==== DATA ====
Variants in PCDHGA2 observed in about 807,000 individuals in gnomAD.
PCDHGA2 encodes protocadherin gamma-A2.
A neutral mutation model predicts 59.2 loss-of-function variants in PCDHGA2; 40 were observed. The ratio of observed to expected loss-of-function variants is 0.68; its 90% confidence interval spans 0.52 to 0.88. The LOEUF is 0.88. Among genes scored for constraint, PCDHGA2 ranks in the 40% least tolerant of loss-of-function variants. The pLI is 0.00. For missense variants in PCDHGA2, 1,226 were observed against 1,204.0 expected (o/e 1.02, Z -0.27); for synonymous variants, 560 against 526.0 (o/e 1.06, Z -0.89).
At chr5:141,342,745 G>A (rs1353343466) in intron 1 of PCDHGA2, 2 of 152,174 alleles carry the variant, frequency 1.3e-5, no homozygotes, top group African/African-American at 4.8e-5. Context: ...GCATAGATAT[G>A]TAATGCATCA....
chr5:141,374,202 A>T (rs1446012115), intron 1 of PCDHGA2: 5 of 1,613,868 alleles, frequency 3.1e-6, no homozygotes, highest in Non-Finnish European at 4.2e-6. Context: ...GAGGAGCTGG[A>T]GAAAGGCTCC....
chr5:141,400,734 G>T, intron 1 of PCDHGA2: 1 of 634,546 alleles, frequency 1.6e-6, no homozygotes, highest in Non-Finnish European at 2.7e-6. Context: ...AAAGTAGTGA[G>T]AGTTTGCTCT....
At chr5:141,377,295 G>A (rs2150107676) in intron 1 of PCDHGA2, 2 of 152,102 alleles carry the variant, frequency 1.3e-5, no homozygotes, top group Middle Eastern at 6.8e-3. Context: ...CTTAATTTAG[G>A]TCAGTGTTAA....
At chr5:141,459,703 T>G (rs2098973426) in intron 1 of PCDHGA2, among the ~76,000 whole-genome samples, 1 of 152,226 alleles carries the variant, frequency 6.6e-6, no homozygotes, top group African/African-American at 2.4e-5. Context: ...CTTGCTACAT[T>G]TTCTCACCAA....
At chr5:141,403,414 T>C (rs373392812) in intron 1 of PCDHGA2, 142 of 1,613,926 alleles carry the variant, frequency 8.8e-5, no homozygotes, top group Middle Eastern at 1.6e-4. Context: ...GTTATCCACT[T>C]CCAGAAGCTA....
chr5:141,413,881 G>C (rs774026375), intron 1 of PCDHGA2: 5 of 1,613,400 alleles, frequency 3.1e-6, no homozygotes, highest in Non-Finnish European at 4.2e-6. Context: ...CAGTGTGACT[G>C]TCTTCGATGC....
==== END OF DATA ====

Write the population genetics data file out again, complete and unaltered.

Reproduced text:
Variants in PCDHGA2 observed in about 807,000 individuals in gnomAD.
PCDHGA2 encodes protocadherin gamma-A2.
A neutral mutation model predicts 59.2 loss-of-function variants in PCDHGA2; 40 were observed. The ratio of observed to expected loss-of-function variants is 0.68; its 90% confidence interval spans 0.52 to 0.88. The LOEUF is 0.88. Among genes scored for constraint, PCDHGA2 ranks in the 40% least tolerant of loss-of-function variants. The pLI is 0.00. For missense variants in PCDHGA2, 1,226 were observed against 1,204.0 expected (o/e 1.02, Z -0.27); for synonymous variants, 560 against 526.0 (o/e 1.06, Z -0.89).
At chr5:141,342,745 G>A (rs1353343466) in intron 1 of PCDHGA2, 2 of 152,174 alleles carry the variant, frequency 1.3e-5, no homozygotes, top group African/African-American at 4.8e-5. Context: ...GCATAGATAT[G>A]TAATGCATCA....
chr5:141,374,202 A>T (rs1446012115), intron 1 of PCDHGA2: 5 of 1,613,868 alleles, frequency 3.1e-6, no homozygotes, highest in Non-Finnish European at 4.2e-6. Context: ...GAGGAGCTGG[A>T]GAAAGGCTCC....
chr5:141,400,734 G>T, intron 1 of PCDHGA2: 1 of 634,546 alleles, frequency 1.6e-6, no homozygotes, highest in Non-Finnish European at 2.7e-6. Context: ...AAAGTAGTGA[G>T]AGTTTGCTCT....
At chr5:141,377,295 G>A (rs2150107676) in intron 1 of PCDHGA2, 2 of 152,102 alleles carry the variant, frequency 1.3e-5, no homozygotes, top group Middle Eastern at 6.8e-3. Context: ...CTTAATTTAG[G>A]TCAGTGTTAA....
At chr5:141,459,703 T>G (rs2098973426) in intron 1 of PCDHGA2, among the ~76,000 whole-genome samples, 1 of 152,226 alleles carries the variant, frequency 6.6e-6, no homozygotes, top group African/African-American at 2.4e-5. Context: ...CTTGCTACAT[T>G]TTCTCACCAA....
At chr5:141,403,414 T>C (rs373392812) in intron 1 of PCDHGA2, 142 of 1,613,926 alleles carry the variant, frequency 8.8e-5, no homozygotes, top group Middle Eastern at 1.6e-4. Context: ...GTTATCCACT[T>C]CCAGAAGCTA....
chr5:141,413,881 G>C (rs774026375), intron 1 of PCDHGA2: 5 of 1,613,400 alleles, frequency 3.1e-6, no homozygotes, highest in Non-Finnish European at 4.2e-6. Context: ...CAGTGTGACT[G>C]TCTTCGATGC....